As the C-suite executive managed to win a publication ban in the meantime, the media's ability to discover and report on the facts surrounding the case remains crippled. However, it was precisely investigative journalism that contributed to the charges that are now being pressed against Ms. Meng, with recent developments suggesting U.S. regulators pursued numerous previous reports about Huawei's suspicious activities in the Middle East. A combination of new and previously emerged evidence indicates Huawei's CFO was directly connected to two front companies in Syria and Iran, both of which ceased their operations by now. While the DOJ is said to be unsure whether Huawei ultimately managed to circumvent the trade sanctions on Iran, it has little doubt about that being its primary intention when it comes to its ties to Skycom, a Hong Kong firm that used to operate an Iranian affiliate. Ms. Meng is understood to have personally vouched for Skycom and Huawei not being directly affiliated outside of a standard business relationship, but investigators appear to suspect the former was actually a satellite of the latter. Its CFO, who also happens to be one of the three children of its founder Ren Zhengfei, served on Skycom's board of directors around a decade ago, regulatory filings previously revealed.
A point of no return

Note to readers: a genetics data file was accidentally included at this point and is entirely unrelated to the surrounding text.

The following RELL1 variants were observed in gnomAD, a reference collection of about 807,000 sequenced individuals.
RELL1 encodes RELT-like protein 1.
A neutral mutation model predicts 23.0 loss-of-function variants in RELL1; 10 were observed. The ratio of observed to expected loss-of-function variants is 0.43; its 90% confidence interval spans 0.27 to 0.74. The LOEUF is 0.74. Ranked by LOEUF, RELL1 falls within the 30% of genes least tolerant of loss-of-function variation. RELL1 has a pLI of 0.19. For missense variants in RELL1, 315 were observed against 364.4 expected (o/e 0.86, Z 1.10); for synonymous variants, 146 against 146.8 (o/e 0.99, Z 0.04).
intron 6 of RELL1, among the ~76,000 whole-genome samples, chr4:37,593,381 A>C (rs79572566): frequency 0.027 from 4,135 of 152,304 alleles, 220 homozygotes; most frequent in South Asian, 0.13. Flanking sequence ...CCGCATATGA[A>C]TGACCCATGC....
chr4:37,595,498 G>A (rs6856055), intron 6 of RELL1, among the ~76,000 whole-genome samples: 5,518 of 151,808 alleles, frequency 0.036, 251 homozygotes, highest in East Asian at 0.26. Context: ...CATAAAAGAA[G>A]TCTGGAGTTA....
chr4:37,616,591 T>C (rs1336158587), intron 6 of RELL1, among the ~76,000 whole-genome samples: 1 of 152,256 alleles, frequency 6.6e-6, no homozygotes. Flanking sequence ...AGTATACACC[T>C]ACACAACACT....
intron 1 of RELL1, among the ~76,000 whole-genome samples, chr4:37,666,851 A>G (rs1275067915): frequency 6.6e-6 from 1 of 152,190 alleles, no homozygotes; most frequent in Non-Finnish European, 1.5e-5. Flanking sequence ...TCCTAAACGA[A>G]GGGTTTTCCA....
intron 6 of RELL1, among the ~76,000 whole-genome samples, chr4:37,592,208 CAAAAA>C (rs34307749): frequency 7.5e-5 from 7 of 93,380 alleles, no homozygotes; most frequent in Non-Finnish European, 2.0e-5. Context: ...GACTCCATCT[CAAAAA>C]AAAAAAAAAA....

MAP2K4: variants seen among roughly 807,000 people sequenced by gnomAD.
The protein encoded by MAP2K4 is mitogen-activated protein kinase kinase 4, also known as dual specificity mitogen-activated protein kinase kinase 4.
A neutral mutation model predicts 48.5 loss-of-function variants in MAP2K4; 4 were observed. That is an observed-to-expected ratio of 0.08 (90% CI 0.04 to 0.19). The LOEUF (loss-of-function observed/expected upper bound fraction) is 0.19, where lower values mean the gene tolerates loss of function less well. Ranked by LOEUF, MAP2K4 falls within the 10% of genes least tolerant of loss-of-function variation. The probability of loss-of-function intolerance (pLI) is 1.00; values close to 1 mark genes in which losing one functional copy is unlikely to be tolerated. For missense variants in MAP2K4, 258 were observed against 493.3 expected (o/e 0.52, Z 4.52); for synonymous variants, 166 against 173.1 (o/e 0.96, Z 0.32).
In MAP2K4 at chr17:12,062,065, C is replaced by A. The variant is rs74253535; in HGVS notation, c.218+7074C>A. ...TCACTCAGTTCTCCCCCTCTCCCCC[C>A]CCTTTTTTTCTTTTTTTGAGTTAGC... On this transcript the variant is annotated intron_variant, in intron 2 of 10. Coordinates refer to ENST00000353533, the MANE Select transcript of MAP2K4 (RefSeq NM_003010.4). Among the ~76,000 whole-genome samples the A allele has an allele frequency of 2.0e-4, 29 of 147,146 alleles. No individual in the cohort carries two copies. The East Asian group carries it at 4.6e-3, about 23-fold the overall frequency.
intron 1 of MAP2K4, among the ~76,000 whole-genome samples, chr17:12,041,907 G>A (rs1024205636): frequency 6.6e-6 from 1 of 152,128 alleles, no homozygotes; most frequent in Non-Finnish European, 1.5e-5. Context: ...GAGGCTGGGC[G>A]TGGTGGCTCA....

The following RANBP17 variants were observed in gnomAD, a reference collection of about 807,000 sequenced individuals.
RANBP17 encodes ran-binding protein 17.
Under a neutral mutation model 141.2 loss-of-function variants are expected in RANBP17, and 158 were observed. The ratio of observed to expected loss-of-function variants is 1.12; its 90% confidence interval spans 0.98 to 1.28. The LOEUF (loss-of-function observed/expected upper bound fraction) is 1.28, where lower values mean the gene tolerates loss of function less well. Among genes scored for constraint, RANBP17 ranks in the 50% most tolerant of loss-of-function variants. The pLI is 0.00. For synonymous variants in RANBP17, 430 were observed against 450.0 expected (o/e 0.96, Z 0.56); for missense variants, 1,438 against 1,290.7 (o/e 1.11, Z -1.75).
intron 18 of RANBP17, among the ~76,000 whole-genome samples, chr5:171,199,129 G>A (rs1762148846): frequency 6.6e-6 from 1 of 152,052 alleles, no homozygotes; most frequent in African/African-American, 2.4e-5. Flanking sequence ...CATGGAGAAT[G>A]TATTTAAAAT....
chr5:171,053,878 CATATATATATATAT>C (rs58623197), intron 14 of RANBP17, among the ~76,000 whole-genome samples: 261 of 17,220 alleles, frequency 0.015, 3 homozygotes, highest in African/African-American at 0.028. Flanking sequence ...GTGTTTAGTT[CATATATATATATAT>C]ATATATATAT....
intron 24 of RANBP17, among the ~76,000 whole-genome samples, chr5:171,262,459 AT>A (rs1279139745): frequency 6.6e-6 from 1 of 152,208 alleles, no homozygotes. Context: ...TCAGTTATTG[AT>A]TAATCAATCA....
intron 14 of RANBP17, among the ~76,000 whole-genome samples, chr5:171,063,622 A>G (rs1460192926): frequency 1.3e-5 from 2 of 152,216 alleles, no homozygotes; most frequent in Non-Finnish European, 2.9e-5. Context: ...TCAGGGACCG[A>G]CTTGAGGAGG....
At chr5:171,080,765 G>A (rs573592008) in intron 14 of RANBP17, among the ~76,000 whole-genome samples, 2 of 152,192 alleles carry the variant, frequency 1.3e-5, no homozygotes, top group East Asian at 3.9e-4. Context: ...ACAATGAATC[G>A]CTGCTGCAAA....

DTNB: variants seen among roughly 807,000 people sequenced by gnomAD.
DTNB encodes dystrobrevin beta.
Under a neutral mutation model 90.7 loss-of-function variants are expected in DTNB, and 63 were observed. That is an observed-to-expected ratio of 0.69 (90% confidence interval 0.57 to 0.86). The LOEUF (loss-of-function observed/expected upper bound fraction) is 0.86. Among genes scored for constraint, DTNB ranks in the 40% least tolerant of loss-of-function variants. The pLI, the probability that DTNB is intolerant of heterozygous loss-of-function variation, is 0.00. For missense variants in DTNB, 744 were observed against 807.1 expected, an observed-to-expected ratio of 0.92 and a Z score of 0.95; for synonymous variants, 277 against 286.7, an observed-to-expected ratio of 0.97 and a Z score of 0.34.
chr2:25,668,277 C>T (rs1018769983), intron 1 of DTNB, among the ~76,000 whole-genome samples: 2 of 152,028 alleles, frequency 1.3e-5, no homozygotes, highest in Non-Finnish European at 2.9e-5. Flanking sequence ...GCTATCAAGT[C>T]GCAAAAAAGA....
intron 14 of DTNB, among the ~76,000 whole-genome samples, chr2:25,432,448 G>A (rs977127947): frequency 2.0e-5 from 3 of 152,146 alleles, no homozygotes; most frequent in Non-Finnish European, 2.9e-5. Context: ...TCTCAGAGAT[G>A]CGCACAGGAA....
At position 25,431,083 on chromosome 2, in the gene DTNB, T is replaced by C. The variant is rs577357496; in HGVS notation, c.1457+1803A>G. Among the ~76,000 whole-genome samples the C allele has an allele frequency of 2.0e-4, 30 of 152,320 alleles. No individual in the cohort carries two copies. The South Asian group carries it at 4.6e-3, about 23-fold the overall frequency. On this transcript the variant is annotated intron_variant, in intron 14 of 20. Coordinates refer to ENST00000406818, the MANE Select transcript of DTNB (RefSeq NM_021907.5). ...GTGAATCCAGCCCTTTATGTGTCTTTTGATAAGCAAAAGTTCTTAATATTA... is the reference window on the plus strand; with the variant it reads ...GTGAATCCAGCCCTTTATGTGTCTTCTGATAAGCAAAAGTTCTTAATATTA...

Ms. Meng's arrest and the currently ongoing legal process threatening her long-term freedom sparked a massive diplomatic incident even before China started detaining Canadian nationals as part of law enforcement activities it officially describes as entirely unrelated to the case of Huawei's senior executive. If extradited, the CFO is facing up to 30 years in federal prison, with her absence already causing a minor leadership crisis at the Shenzen-based technology giant. At the same time, the company recently managed to grow to unprecedented heights, both in terms of smartphone shipments and sales, having reportedly overtaken Apple and became the world's second-largest handset manufacturer in 2018. The said achievement is still largely being interpreted as a Pyrrhic victory given all of the troubles Huawei is now enduring. Some of the company's senior officials previously even alleged the U.S. has a bone to pick with it due to its growing competitiveness, alleging stateside companies cannot keep up with its technologies from most perspectives. However, the Western intelligence community's actual stance is that Huawei's close ties to Beijing that go all the way up to Mr. Ren, former People's Liberation Army officer, as well as China's existing legislative framework make the company a major security risk. Even assuming the conglomerate never spied on foreign customers on behalf of the Far Eastern country in the past, there's essentially nothing stopping the communist government from forcing it to do so in the future, Washington previously argued. The current situation marks a point of no return for all involved parties, regardless of whether Ms. Meng ends up being extradited, convicted, or both. The relationship between Huawei and the West appears to have been damaged beyond reparation and will likely prevent the company from doing any large-scale business in the U.S. moving forward.